Victims can confront criminals
Victims of crime are to be allowed for the first time to directly confront the offenders who damaged their lives in court.
Under a new code, victims will be able to choose to explain to the court and offender how a crime has hit them through reading out a Victim Personal Statement.
Judges will then take this in to account when determining the sentence, the Ministry of Justice said.
National policing lead on victims and witnesses Assistant Chief Constable Gary Cann said the move would "ensure that victims have a voice in the criminal justice system".
Up until now, judges have read personal statements in private with only fragments read aloud to the court by prosecutors.
Victims are able to participate in the sentencing process in almost all common law countries.
In emotional scenes earlier this year in the US, one of the victims of Cleveland kidnapper Ariel Castro was able to confront her aggressor in court after being freed from more than a decade of captivity .
Michelle Knight told Castro: "You took 11 years of my life away, and now I have it back."
Elsewhere, the new Victims' Code will also for the first time give businesses, who are victims of 9.2 million crimes committed each year, the chance to write an impact statement.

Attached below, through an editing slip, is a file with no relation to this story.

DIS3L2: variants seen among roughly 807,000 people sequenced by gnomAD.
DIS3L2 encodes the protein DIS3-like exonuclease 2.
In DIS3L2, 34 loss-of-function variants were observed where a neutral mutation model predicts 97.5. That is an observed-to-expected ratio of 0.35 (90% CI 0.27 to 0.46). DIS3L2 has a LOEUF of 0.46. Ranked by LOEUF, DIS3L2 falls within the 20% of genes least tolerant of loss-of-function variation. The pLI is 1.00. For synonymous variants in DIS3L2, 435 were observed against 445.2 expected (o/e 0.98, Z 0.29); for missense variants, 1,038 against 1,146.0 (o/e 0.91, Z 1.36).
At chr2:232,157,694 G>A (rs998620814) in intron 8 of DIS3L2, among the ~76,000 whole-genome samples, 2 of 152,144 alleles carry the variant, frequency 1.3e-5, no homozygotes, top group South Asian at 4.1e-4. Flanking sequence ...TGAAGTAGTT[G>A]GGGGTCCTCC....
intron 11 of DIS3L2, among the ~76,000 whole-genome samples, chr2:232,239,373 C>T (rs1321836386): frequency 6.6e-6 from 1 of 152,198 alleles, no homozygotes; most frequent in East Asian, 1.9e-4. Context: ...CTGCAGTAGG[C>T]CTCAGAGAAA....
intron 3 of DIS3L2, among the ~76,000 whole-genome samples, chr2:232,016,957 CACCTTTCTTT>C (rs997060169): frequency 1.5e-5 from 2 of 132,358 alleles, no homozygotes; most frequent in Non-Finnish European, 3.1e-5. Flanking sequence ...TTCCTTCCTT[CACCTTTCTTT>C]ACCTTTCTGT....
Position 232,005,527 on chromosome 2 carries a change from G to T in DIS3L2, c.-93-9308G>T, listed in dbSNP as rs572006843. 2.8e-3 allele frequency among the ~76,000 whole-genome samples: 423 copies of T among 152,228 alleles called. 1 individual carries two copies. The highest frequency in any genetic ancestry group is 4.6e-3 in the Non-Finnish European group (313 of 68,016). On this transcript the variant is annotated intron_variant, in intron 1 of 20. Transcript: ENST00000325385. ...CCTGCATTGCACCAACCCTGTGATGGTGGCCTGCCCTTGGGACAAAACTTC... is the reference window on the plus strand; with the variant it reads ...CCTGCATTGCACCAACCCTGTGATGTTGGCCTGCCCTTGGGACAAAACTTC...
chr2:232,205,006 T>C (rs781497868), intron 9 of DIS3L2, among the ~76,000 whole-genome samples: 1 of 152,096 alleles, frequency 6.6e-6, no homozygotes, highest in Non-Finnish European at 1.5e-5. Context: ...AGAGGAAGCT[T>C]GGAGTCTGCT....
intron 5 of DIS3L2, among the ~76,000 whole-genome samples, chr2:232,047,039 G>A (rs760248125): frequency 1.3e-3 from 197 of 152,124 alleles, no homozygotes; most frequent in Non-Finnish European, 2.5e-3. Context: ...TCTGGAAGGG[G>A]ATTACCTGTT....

Javed Khan, chief executive of independent charity Victim Support, said: "We warmly welcome this decision which gives victims the choice to explain to a court in their own words the personal and emotional impacts a crime has had on them and their families, a process we know can help victims cope and recover from crime.
"We believe the new code for victims is a big step towards making the criminal justice system truly responsive to the needs of victims and we look forward to working with Government, the police, courts and other partners to ensure it is effectively implemented."
The code also explains how to navigate the criminal justice system, what they can expect from the moment they report a crime to the end of a trial and who to demand help from if it is not provided.
The statutory Victims' Code will also ensure all victims are automatically referred to victims' service by the police and are given a clearer means of compensation if they are not given support.
Victims' Commissioner Baroness Newlove, whose husband Garry was killed by a gang vandalising his car, said: " I welcome the revised Victims' Code which helps clarify the rights of victims and the levels of service they should expect.
"The onus is now on criminal justice agencies to deliver on their promises.
"As Victims' Commissioner I will be championing those who take their commitments under the Code seriously and challenging those who don't.
"With responsibility must come accountability and I will be working alongside agencies to ensure that all victims get the support and quality of care they deserve.
"No victim should have to fight for the right to be treated with dignity, sensitivity and respect."
The Victims' Code will come in to force in December.
Victims' Minister Damian Green said: " I want to create a tougher justice system.
"Under this Government those who break the law are more likely to go to prison for longer. I'm making sure victims' voices are heard and that criminals no longer get away with just a slap on the wrist."